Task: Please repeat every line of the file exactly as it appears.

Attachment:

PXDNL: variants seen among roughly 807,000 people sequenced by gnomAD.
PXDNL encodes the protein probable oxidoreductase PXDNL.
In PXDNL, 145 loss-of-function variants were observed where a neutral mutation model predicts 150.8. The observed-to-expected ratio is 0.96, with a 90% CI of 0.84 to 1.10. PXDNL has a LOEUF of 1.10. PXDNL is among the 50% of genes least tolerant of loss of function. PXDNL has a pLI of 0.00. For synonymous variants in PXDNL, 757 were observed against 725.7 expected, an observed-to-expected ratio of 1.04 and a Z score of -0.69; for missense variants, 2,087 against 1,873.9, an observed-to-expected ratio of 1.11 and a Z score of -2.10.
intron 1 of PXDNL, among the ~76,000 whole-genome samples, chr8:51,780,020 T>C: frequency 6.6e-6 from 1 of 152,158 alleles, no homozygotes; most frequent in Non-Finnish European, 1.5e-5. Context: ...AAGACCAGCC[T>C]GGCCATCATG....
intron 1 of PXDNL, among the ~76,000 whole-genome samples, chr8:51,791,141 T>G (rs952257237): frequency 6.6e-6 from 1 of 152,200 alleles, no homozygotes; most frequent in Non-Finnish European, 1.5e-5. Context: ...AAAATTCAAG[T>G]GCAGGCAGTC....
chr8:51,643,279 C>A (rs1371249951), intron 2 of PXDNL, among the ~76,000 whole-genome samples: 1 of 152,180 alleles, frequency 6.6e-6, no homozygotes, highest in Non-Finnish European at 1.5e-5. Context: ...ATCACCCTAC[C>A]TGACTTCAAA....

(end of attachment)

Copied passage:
PXDNL: variants seen among roughly 807,000 people sequenced by gnomAD.
PXDNL encodes the protein probable oxidoreductase PXDNL.
In PXDNL, 145 loss-of-function variants were observed where a neutral mutation model predicts 150.8. The observed-to-expected ratio is 0.96, with a 90% CI of 0.84 to 1.10. PXDNL has a LOEUF of 1.10. PXDNL is among the 50% of genes least tolerant of loss of function. PXDNL has a pLI of 0.00. For synonymous variants in PXDNL, 757 were observed against 725.7 expected, an observed-to-expected ratio of 1.04 and a Z score of -0.69; for missense variants, 2,087 against 1,873.9, an observed-to-expected ratio of 1.11 and a Z score of -2.10.
intron 1 of PXDNL, among the ~76,000 whole-genome samples, chr8:51,780,020 T>C: frequency 6.6e-6 from 1 of 152,158 alleles, no homozygotes; most frequent in Non-Finnish European, 1.5e-5. Context: ...AAGACCAGCC[T>C]GGCCATCATG....
intron 1 of PXDNL, among the ~76,000 whole-genome samples, chr8:51,791,141 T>G (rs952257237): frequency 6.6e-6 from 1 of 152,200 alleles, no homozygotes; most frequent in Non-Finnish European, 1.5e-5. Context: ...AAAATTCAAG[T>G]GCAGGCAGTC....
chr8:51,643,279 C>A (rs1371249951), intron 2 of PXDNL, among the ~76,000 whole-genome samples: 1 of 152,180 alleles, frequency 6.6e-6, no homozygotes, highest in Non-Finnish European at 1.5e-5. Context: ...ATCACCCTAC[C>A]TGACTTCAAA....